For many people in Ireland, 6 January marks the final day of the Christmas season – when the tree and other decorations are taken down. From a Christian perspective, it marks the day the three wise men are said to have arrived at the stable in Bethlehem after Jesus was born. In the Orthodox Canon it is the date under the Julian Calendar when Christmas is celebrated.
Suffragette Hanna Sheehy-Skeffington lighting up the gates of Dublin Castle where she smashed the windows 100 years ago campaigning for women’s right to vote #IlluminateHerstory #NollaigNaMBan #Everywoman pic.twitter.com/AQlFbRovOe
— herstory (@HerstoryIreland) January 6, 2018
Historically, Nollaig na mBan was a day for women to relax after a busy Christmas period while men took over household duties. Women across Ireland will be celebrating “Nollaig na mBan” today, by passing off house work to the men, and saying goodbye to the Christmas decoration. Originally celebrated as the Feast of the Epiphany, or Three Kings’ Day, the 6th of January is a Christian feast which marks the visit of the three wise men to Bethlehem after the birth of Christ.
The traditional Irish celebration focuses more on the role of the woman in the household, reliving her of the household chores and leaving the work up to the men for the day. It is a day when women would head to the pub and “inhabit this man’s domain without shame.” Women would chat, relax in each other’s company and enjoy a day without housework. In rural and small-town Catholic Ireland, especially, women would gather in each other’s homes or local pubs for a few stolen hours of gaiety while the men looked after the brood. Irish scholar Alan Titley remarked that the tradition was most common in the west of Ireland in a litany of different ways. “Most women in west Kerry would have raised five or six turkeys for sale at the Christmas market,” he said. “They kept the money – like egg money – and if there was anything left over after Christmas they spent it on themselves.”
Many Irish people associate the 6th of January with the end of the Christmas season, and the tree and decorations are taken down for another year. In the modern day where the housework is generally divided more equally, the tradition is celebrated by acknowledging the role and accomplishments of women in our society. On the eve of Women’s Christmas (Oíche Nollaig na mBan – the subject of a famous Irish language poem by Seán Ó Ríordán featured below), twelve candles were often lit in the windows. In some areas, different people lit each candle and the first candle to go out was said to be the first person to die. Rushes pulled, dried and dipped in tallow were used if candles could not be found.
Oíche Nollaig na mBan
Bhí fuinneamh sa stoirm a éalaigh aréir,
Aréir oíche Nollaig na mBan,
As gealt-teach iargúlta tá laistiar den ré
Is do scréach tríd an spéir chughainn ’na gealt,
Gur ghíosc geataí comharsan mar ghogallach gé,
Gur bhúir abhainn shlaghdánach mar tharbh,
Gur múchadh mo choinneal mar bhuille ar mo bhéal
A las ’na splanc obann an fhearg.
Ba mhaith liom go dtiocfadh an stoirm sin féin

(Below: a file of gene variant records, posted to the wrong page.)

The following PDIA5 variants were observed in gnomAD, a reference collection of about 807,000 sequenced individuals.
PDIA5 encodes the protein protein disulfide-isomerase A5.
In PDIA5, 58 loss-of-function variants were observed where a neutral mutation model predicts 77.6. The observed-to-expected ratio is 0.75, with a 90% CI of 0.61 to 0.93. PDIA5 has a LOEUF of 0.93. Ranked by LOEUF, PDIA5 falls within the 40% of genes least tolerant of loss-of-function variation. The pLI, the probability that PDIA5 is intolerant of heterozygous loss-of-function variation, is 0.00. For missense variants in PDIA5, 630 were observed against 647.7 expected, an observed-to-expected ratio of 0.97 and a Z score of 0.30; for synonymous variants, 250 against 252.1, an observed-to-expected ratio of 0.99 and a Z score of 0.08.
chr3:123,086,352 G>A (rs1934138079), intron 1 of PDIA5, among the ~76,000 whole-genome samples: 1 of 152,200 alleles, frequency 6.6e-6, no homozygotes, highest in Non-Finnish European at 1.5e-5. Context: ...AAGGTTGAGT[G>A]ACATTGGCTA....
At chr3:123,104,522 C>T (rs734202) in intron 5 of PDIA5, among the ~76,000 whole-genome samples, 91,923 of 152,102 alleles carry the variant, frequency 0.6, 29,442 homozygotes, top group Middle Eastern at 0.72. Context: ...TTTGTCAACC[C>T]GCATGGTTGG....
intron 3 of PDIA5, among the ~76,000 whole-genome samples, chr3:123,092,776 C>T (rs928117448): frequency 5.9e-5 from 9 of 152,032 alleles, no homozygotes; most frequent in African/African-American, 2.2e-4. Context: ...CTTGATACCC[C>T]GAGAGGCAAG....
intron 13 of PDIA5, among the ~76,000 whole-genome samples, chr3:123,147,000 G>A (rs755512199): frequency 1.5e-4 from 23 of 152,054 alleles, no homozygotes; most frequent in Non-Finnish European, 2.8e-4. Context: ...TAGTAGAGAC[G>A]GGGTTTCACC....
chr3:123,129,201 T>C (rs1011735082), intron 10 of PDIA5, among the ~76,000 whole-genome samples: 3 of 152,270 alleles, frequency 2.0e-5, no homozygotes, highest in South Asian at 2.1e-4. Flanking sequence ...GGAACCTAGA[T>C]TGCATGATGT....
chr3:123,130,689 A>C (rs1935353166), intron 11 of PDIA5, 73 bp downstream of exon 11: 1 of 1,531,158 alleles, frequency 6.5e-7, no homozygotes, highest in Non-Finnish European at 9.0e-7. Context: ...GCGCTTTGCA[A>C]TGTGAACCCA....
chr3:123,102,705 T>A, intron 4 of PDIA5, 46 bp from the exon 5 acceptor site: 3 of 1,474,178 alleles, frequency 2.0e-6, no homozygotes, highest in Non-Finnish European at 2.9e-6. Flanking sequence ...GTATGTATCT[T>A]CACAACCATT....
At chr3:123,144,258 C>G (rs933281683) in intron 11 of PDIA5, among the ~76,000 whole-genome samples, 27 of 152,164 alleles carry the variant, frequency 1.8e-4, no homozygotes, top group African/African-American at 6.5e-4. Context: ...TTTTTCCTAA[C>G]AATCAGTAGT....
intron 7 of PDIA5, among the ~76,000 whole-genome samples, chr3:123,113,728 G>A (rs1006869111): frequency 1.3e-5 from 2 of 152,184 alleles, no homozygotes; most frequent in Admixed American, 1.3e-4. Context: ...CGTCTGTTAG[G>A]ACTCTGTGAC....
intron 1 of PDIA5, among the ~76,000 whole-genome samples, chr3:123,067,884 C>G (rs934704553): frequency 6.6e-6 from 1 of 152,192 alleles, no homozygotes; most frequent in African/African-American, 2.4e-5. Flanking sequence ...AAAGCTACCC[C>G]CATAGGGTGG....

An oíche go mbeadsa go lag
Ag filleadh abhaile ó rince an tsaoil
Is solas an pheaca ag dul as,
Go líonfaí gach neomat le liúrigh ón spéir,
Go ndéanfaí den domhan scuaine scread,
Is ná cloisfinn an ciúnas ag gluaiseacht fám dhéin,
Ná inneall an ghluaisteáin ag stad.
— Mairead Sharry (@maireadsharry) January 5, 2016
There was power in the storm that escaped last night,
last night on Women’s Christmas,
from the desolate madhouse behind the moon
and screamed through the sky at us, lunatic,
making neighbours’ gates screech like geese
and the hoarse river roar like a bull,
quenching my candle like a blow to the mouth
that sparks a quick flash of rage.
I’d like if that storm would come again,
a night I’d be feeling weak
coming home from the dance of life
and the light of sin dwindling,
that every moment be full of the screaming sky,
that the world be a storm of screams,
and I wouldn’t hear the silence coming over me,
the car’s engine come to a stop.
The celebration also known as “Little Christmas”, or “Women’s Christmas” has special significance this year, as 2018 marks 100 years since women in Ireland were given the vote after years of suffrage.
2018 marks the centenary of Irish women getting the vote & the right to stand in elections. @FineGael is planning a year long programme of events & will draft a new Women's Charter. #Nollaignamban pic.twitter.com/CgrsdmUElG
— Leo Varadkar (@campaignforleo) January 6, 2018
2018 is a year which will tackle many issues which concern women in Ireland today, including a national strategy to tackle the gender wage gap. Two referenda concerned with women’s’ rights will be put to the public, the repeal of the eighth amendment which gives equal status to the mother and the unborn, and article 41.2.1 which recognises the woman’s place in the home.
One of my all time favourite pictures: “I was elected by the women of Ireland, who instead of rocking the cradle, rocked the system.” Mary Robinson #December1990 #firstfemalepresident Happy #NollaignamBan to all the great warrior women of Ireland #keeprockingthesystem pic.twitter.com/49BzVdIgiH
— Norah Casey (@NorahCasey) January 6, 2018
So maybe this Irish tradition of Nollaig na mBan needs to spread more widely. After all, didn’t Christmas begin with one woman, labouring alone in the company of men?
It certainly doesn’t have to end that way.
— RTÉ (@rte) January 6, 2018
Today, powered by its readers and contributors, from its cyber eyries in Ireland and the centres of the Irish Diaspora The Eagle casts its Cold Eye on Life and Death and much in between.